"the sluggish global economy"

When we're field testing STBs, over long periods of time (or sometimes after not-so-long-usage), people & customers report:

  • The box got very sluggish, needed to reboot
  • The STB isn't responsive to remote presses, takes 4-5 seconds to react 
  • Search takes too long and I can't do anything else but wait for search to complete
  • Channel change is slow compared to my other decoder
  • When using the program guide or navigating through the menus, the box gets stuck for a few seconds as if it's processing some other background activity - it's very irritating to my experience

This feedback, whilst extremely useful to the product team, is very hard for engineers to characterise without having access to system logs, to trace through the events that led up to the slowdown in the performance that resulted in degraded user experience.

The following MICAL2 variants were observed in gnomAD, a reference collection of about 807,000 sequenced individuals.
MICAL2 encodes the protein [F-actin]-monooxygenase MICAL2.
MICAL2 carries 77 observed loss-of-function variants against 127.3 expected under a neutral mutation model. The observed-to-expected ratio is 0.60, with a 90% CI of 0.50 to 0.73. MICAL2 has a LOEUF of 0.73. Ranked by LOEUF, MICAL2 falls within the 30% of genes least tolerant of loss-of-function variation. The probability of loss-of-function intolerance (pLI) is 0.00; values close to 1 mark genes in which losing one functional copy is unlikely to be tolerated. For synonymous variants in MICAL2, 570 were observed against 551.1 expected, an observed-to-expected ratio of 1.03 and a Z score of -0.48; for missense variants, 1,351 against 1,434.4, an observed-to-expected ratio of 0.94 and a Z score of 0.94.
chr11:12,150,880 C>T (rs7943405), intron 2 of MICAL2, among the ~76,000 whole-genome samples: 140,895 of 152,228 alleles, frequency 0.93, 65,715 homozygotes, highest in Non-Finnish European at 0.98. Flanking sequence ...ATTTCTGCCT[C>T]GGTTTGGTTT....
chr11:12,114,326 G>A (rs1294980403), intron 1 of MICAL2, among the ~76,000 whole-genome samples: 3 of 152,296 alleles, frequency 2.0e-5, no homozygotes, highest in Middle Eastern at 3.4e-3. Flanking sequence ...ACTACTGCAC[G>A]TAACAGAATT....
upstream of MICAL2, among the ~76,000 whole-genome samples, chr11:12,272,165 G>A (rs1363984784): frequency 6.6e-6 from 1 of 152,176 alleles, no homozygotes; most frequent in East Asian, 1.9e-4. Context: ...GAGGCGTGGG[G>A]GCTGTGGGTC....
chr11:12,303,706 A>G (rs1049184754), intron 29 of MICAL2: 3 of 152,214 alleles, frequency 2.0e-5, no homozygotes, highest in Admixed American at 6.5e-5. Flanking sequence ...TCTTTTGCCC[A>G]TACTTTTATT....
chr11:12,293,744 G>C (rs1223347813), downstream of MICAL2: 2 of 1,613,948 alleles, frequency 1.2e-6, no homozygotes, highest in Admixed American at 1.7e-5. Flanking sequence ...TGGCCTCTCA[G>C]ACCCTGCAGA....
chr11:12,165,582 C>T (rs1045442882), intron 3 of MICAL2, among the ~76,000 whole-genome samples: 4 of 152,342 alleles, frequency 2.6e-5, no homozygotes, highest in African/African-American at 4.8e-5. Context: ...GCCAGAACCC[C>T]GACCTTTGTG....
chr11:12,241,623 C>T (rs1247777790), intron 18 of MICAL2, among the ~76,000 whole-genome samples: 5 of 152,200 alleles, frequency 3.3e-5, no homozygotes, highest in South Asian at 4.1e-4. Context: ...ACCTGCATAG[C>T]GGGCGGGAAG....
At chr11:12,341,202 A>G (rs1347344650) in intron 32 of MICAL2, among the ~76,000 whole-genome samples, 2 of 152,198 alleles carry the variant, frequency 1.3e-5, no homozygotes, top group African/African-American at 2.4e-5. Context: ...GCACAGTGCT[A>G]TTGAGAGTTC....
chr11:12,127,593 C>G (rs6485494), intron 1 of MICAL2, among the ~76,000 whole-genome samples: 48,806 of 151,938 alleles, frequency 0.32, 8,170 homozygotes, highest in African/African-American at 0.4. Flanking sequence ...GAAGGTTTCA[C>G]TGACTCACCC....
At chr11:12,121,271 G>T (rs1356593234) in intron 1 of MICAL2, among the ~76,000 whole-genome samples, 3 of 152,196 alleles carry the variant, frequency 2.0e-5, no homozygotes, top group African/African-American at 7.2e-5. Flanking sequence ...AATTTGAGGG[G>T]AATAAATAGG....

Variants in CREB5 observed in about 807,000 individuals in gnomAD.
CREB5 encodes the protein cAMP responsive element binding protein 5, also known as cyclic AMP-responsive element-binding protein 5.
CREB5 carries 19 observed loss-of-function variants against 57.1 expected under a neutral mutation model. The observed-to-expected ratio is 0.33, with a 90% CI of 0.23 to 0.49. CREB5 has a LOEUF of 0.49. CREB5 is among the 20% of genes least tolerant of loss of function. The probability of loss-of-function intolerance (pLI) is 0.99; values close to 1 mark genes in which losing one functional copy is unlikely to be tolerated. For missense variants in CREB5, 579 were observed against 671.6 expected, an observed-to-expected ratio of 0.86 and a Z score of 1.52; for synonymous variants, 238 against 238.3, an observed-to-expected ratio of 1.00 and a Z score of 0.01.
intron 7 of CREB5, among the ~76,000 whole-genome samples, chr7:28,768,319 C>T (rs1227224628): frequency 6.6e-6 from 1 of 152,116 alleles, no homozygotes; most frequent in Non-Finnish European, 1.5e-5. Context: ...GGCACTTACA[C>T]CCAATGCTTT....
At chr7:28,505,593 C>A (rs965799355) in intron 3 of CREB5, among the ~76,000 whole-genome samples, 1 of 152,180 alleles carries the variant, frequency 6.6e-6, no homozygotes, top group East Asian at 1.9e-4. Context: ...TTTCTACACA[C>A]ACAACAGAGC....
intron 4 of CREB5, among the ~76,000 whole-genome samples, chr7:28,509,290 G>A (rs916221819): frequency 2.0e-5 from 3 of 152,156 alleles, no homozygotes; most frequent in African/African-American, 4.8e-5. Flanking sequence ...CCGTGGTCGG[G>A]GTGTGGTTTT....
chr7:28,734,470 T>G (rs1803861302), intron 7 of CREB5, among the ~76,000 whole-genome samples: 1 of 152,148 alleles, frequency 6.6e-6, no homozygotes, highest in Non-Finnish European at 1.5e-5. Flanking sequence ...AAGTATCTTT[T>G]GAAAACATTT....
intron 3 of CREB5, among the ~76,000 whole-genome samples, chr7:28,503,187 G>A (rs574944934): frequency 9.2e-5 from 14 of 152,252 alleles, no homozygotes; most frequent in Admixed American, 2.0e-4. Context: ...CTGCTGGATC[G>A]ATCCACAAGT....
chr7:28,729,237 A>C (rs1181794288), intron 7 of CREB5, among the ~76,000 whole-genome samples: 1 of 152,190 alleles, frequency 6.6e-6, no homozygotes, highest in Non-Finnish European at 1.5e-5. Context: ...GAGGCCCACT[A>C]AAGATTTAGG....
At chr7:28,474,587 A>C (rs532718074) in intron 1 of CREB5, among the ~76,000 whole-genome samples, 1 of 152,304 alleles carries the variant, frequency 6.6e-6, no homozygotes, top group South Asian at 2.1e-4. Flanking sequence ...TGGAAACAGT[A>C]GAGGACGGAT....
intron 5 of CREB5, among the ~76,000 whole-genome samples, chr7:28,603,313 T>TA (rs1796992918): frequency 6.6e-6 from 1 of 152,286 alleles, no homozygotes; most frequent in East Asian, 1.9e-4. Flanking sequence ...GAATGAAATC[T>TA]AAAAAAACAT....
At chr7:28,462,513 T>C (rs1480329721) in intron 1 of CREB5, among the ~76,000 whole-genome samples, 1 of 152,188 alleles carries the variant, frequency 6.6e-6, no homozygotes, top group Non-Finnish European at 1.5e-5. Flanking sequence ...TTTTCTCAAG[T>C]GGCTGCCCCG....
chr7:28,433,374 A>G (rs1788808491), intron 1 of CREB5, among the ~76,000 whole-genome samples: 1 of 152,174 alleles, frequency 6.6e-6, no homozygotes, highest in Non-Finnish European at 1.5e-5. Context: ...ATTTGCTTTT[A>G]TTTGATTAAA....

In my view, based on my own experience of writing STB applications and managing complex systems projects, I believe that unless we quantify in fair amount of detail what sluggishness means, then it's a cop out for passing on the buck to other parties: either the product owners didn't take time to functionally spec out the requirements, or the application is using API services that it doesn't have control of...

In the remaining part of this post, I will touch on an example of a previous project of how we handled the problem of sluggishness, and this was through a process of rigorous Non-Functional Requirements focused on Performance Specifications...

Quantify all NonFunctional Requirements (NFR)